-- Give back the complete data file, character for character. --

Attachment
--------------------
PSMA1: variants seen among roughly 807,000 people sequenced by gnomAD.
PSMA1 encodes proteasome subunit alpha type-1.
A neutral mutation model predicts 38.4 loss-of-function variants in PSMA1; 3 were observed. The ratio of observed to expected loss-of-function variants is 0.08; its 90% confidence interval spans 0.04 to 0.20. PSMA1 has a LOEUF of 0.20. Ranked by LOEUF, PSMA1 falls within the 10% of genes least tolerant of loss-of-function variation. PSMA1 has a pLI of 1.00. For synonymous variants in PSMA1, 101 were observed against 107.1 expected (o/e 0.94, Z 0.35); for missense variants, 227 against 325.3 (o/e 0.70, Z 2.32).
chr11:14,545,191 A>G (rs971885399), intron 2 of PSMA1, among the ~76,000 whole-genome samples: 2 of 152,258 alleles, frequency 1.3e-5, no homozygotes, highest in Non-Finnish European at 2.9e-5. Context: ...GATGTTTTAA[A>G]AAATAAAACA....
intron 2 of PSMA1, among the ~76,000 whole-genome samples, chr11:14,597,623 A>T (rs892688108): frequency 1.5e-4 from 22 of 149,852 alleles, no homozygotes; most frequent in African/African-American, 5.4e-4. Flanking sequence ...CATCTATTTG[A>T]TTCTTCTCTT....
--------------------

PSMA1: variants seen among roughly 807,000 people sequenced by gnomAD.
PSMA1 encodes proteasome subunit alpha type-1.
A neutral mutation model predicts 38.4 loss-of-function variants in PSMA1; 3 were observed. The ratio of observed to expected loss-of-function variants is 0.08; its 90% confidence interval spans 0.04 to 0.20. PSMA1 has a LOEUF of 0.20. Ranked by LOEUF, PSMA1 falls within the 10% of genes least tolerant of loss-of-function variation. PSMA1 has a pLI of 1.00. For synonymous variants in PSMA1, 101 were observed against 107.1 expected (o/e 0.94, Z 0.35); for missense variants, 227 against 325.3 (o/e 0.70, Z 2.32).
chr11:14,545,191 A>G (rs971885399), intron 2 of PSMA1, among the ~76,000 whole-genome samples: 2 of 152,258 alleles, frequency 1.3e-5, no homozygotes, highest in Non-Finnish European at 2.9e-5. Context: ...GATGTTTTAA[A>G]AAATAAAACA....
intron 2 of PSMA1, among the ~76,000 whole-genome samples, chr11:14,597,623 A>T (rs892688108): frequency 1.5e-4 from 22 of 149,852 alleles, no homozygotes; most frequent in African/African-American, 5.4e-4. Flanking sequence ...CATCTATTTG[A>T]TTCTTCTCTT....